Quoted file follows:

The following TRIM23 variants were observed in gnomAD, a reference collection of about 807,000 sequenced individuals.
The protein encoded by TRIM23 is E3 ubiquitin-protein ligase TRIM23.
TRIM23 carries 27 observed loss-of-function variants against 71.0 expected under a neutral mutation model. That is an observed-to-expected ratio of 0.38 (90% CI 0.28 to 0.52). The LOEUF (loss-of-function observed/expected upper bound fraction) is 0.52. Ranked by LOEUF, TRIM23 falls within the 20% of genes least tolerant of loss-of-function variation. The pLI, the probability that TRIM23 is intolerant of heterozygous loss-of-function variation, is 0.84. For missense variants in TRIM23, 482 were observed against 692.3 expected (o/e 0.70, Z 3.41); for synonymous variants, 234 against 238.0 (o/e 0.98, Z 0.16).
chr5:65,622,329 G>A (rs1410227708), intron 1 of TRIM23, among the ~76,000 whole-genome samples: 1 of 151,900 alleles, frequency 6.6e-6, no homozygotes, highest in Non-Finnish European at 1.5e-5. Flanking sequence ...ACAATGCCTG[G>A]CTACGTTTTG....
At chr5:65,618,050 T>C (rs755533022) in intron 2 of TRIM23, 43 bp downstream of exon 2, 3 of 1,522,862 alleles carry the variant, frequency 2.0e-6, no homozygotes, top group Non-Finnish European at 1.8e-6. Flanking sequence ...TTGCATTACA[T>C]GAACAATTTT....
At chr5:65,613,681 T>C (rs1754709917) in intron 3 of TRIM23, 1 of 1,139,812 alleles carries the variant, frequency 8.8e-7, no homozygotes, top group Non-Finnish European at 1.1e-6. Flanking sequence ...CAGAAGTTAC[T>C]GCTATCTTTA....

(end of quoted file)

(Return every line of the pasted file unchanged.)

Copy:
The following TRIM23 variants were observed in gnomAD, a reference collection of about 807,000 sequenced individuals.
The protein encoded by TRIM23 is E3 ubiquitin-protein ligase TRIM23.
TRIM23 carries 27 observed loss-of-function variants against 71.0 expected under a neutral mutation model. That is an observed-to-expected ratio of 0.38 (90% CI 0.28 to 0.52). The LOEUF (loss-of-function observed/expected upper bound fraction) is 0.52. Ranked by LOEUF, TRIM23 falls within the 20% of genes least tolerant of loss-of-function variation. The pLI, the probability that TRIM23 is intolerant of heterozygous loss-of-function variation, is 0.84. For missense variants in TRIM23, 482 were observed against 692.3 expected (o/e 0.70, Z 3.41); for synonymous variants, 234 against 238.0 (o/e 0.98, Z 0.16).
chr5:65,622,329 G>A (rs1410227708), intron 1 of TRIM23, among the ~76,000 whole-genome samples: 1 of 151,900 alleles, frequency 6.6e-6, no homozygotes, highest in Non-Finnish European at 1.5e-5. Flanking sequence ...ACAATGCCTG[G>A]CTACGTTTTG....
At chr5:65,618,050 T>C (rs755533022) in intron 2 of TRIM23, 43 bp downstream of exon 2, 3 of 1,522,862 alleles carry the variant, frequency 2.0e-6, no homozygotes, top group Non-Finnish European at 1.8e-6. Flanking sequence ...TTGCATTACA[T>C]GAACAATTTT....
At chr5:65,613,681 T>C (rs1754709917) in intron 3 of TRIM23, 1 of 1,139,812 alleles carries the variant, frequency 8.8e-7, no homozygotes, top group Non-Finnish European at 1.1e-6. Flanking sequence ...CAGAAGTTAC[T>C]GCTATCTTTA....